The Audi Q3 has commanded a staggering 50 per cent share of the small premium SUV segment for the first half of this year, its sales totalling a full 72 per cent more than arch-rival the BMW X1. It’s the Audi, then, that is the biggest rival to the brand new Mercedes-Benz GLA-Class and the stalwart it must beat here (although we also requested an X1 to no avail) for the title of Australia’s best small premium SUV.
It’s worth keeping in mind that a fully loaded mainstream SUV, such as a Mazda CX-5 GT or Volkswagen Tiguan 155TSI, costs around $10K less than these premium-badged variants, so both the Audi and Benz also need to prove their worth beyond the allure of four rings or a three-pointed star.
Although the Q3 and GLA250 start at about the same money, one contender is significantly better equipped than the other.
Both come standard with leather (and leather-look) trim, foglights, auto headlights and wipers, rear parking sensors, and dual-zone climate control.
From there the GLA250 exclusively adds 19-inch alloy wheels (17s on Q3), panoramic sunroof, electrically adjustable front seats with heating, bi-xenon headlights with auto high-beam, satellite navigation, front parking sensors with semi-automatic parking function, adaptive cruise control, blind-spot monitor and nine airbags – adding rear side airbags and a driver’s knee airbag to the Audi’s six in total, including dual front, front-side and full-length curtain protection.
Various packages are available on the Q3 2.0 TFSI including the S line sport package fitted to our test car, which for $9100 includes a bodykit, 19s, xenon headlights, leather/Alcantara sports seats, and sports interior trim and steering wheel.
Adding xenons with smaller 18s comes in a Style package for a more reasonable $2600; ticking the Technik package with nav, semi-auto parking, and reverse-view cam adds $4927; and matching the Benz’s auto high-beam and blind-spot monitor needs a further $1625.
Even selecting those latter three packages, plus the stand-alone panoramic sunroof option ($2500), raises the Audi Q3 2.0 TFSI price tag by a staggering $9152 to $65,652, and you still don’t get adaptive cruise. Our test car with the S line sport package totalled an eye-watering $76,072.
The Q3 looks more like a traditional tall-boy SUV than the GLA-Class, which deliberately aims to be different by looking like a larger A-Class hatchback. Although the Audi seems larger, its 4.39-metre-long body is actually 3.2cm shorter than the Mercedes-Benz. Both stretch 1.8 metres wide, though expectedly the Q3 towers 9.6cm above the 1.5m-tall GLA.
That height advantage is realised inside where in this test the Audi offers a lofty driving position and airy glasshouse for better visibility. In the Mercedes-Benz you sit lower, and less side and rear glass makes it more difficult to see out of, two aspects which may turn off some SUV buyers.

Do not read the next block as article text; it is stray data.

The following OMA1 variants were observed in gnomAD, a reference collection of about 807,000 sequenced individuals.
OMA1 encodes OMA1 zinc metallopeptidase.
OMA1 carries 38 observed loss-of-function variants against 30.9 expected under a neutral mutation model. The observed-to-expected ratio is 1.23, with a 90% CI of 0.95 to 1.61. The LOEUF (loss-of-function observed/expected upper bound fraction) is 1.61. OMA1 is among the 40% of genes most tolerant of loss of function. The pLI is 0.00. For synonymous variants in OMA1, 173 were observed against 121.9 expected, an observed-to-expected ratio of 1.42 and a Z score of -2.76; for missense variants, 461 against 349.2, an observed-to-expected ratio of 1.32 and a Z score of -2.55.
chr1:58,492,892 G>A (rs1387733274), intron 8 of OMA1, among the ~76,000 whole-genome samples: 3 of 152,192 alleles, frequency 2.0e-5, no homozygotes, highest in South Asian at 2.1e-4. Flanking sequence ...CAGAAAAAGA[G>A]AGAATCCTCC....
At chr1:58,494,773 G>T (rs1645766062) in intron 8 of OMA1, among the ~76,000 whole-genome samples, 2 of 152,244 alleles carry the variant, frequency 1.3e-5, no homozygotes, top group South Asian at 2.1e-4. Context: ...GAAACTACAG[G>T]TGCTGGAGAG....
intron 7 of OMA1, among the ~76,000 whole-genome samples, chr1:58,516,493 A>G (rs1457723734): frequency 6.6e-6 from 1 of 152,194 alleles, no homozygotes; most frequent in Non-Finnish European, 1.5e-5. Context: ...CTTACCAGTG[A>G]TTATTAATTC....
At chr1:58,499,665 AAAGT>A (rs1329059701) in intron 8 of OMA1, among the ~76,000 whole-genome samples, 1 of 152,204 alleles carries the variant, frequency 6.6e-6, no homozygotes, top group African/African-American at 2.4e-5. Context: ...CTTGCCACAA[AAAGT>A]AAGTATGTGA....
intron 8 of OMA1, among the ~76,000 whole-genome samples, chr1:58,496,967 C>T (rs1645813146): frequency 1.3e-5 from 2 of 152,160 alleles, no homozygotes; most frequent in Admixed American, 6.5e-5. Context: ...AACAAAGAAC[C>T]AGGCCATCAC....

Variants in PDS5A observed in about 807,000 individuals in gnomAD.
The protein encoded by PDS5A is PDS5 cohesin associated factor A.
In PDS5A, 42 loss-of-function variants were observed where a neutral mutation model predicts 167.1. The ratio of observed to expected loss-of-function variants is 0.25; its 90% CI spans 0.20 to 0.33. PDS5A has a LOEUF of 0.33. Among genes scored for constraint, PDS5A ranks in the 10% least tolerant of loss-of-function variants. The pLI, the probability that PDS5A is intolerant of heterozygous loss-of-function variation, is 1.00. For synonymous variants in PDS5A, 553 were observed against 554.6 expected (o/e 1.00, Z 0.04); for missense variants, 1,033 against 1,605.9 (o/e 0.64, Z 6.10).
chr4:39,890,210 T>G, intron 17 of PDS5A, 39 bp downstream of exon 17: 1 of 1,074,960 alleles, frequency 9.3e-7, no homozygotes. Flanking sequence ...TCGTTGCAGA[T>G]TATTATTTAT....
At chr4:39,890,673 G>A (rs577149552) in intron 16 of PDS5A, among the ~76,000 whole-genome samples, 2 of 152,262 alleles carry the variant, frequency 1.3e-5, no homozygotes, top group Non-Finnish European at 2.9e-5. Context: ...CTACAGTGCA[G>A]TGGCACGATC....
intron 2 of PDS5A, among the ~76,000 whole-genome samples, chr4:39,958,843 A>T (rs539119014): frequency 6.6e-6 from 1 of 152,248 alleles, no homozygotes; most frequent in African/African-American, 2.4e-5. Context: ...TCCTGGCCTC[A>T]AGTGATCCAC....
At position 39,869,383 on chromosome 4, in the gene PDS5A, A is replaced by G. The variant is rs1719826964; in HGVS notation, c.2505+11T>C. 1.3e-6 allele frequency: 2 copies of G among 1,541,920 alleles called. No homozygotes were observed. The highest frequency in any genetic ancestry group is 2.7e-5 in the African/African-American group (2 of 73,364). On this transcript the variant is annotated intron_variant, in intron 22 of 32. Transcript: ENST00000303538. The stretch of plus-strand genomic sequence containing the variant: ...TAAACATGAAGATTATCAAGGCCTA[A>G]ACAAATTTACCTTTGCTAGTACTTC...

Despite being the older of the two models, the Q3 has superior interior finish, although its dashboard design is more generic than that in the GLA-Class.
Typical-Audi plastics are soft to touch, nicely grained and consistently matched, although the pop-up colour display and audio system is the same as that used in the A1 hatchback that costs half the price.
The seven-inch screen isn’t as large as that available in the newer A3 hatchback, and nor is the same level of connectivity included.
The Technik package gives you twin SD card readers and 20Gb music storage in addition to an intuitive and user-friendly nav with voice control, but you’ll still need an Audi-specific USB/iPod cable and there’s no apps or internet connectivity included.
Arguably, the Mercedes-Benz GLA-Class has the more stylish interior, with stitched-leather-look dashboard surfacing, a nice interplay of textures and five, cool-looking aviation-style airvents. However the tactility of its controls isn’t as good as its rival, and nor are the scratchy lower dash plastics.
The Mercedes-Benz Comand infotainment system is excellent, but a $2490 option – the only box worth ticking in the GLA250. It includes a high-resolution eight-inch screen with web connectivity that allows you to pilfer off your smartphone internet connection to use apps such as TuneIn worldwide radio that works well.
Digital radio is also standard, and the 12-speaker Harman Kardon audio system that comes with Comand is a treat, though there’s only a 10Gb music register.
There are a similar level of storage spots in each car, and further back both score rear-seat air vents. Actual legroom is similar, but because the rear bench in the Q3 (above – top) sits higher, longer legs have more space to drop down without forcing a knees-up position.
Not that the GLA-Class (above – bottom) is bad in this respect, but in addition to the panoramic roof taking up space, headroom is also more compromised. The black headlining creates cave-like claustrophobia back there, too.